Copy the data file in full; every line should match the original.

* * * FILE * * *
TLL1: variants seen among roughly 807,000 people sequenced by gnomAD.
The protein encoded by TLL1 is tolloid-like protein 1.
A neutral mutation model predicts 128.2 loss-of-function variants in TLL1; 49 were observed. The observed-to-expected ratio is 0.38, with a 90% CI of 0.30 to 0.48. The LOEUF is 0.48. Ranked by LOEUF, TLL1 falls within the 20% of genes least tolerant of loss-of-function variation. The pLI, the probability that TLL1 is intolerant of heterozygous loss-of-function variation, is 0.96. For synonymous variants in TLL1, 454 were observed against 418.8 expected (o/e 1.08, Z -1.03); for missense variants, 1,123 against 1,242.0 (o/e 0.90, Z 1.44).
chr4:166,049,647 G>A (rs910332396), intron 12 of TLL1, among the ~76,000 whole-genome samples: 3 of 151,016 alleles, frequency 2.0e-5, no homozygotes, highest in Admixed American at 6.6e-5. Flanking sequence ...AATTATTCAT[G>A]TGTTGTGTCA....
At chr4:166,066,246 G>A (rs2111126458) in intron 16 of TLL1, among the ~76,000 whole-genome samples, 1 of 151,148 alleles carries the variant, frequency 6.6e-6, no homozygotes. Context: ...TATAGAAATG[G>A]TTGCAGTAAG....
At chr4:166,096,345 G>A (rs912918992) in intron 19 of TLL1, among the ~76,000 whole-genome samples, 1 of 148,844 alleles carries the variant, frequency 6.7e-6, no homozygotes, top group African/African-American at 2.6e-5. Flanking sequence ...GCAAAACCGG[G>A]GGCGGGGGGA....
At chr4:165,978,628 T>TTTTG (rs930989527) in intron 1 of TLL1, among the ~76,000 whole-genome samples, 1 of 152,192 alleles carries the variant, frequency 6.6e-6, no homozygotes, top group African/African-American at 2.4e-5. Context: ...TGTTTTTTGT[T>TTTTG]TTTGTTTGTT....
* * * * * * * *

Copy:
TLL1: variants seen among roughly 807,000 people sequenced by gnomAD.
The protein encoded by TLL1 is tolloid-like protein 1.
A neutral mutation model predicts 128.2 loss-of-function variants in TLL1; 49 were observed. The observed-to-expected ratio is 0.38, with a 90% CI of 0.30 to 0.48. The LOEUF is 0.48. Ranked by LOEUF, TLL1 falls within the 20% of genes least tolerant of loss-of-function variation. The pLI, the probability that TLL1 is intolerant of heterozygous loss-of-function variation, is 0.96. For synonymous variants in TLL1, 454 were observed against 418.8 expected (o/e 1.08, Z -1.03); for missense variants, 1,123 against 1,242.0 (o/e 0.90, Z 1.44).
chr4:166,049,647 G>A (rs910332396), intron 12 of TLL1, among the ~76,000 whole-genome samples: 3 of 151,016 alleles, frequency 2.0e-5, no homozygotes, highest in Admixed American at 6.6e-5. Flanking sequence ...AATTATTCAT[G>A]TGTTGTGTCA....
At chr4:166,066,246 G>A (rs2111126458) in intron 16 of TLL1, among the ~76,000 whole-genome samples, 1 of 151,148 alleles carries the variant, frequency 6.6e-6, no homozygotes. Context: ...TATAGAAATG[G>A]TTGCAGTAAG....
At chr4:166,096,345 G>A (rs912918992) in intron 19 of TLL1, among the ~76,000 whole-genome samples, 1 of 148,844 alleles carries the variant, frequency 6.7e-6, no homozygotes, top group African/African-American at 2.6e-5. Flanking sequence ...GCAAAACCGG[G>A]GGCGGGGGGA....
At chr4:165,978,628 T>TTTTG (rs930989527) in intron 1 of TLL1, among the ~76,000 whole-genome samples, 1 of 152,192 alleles carries the variant, frequency 6.6e-6, no homozygotes, top group African/African-American at 2.4e-5. Context: ...TGTTTTTTGT[T>TTTTG]TTTGTTTGTT....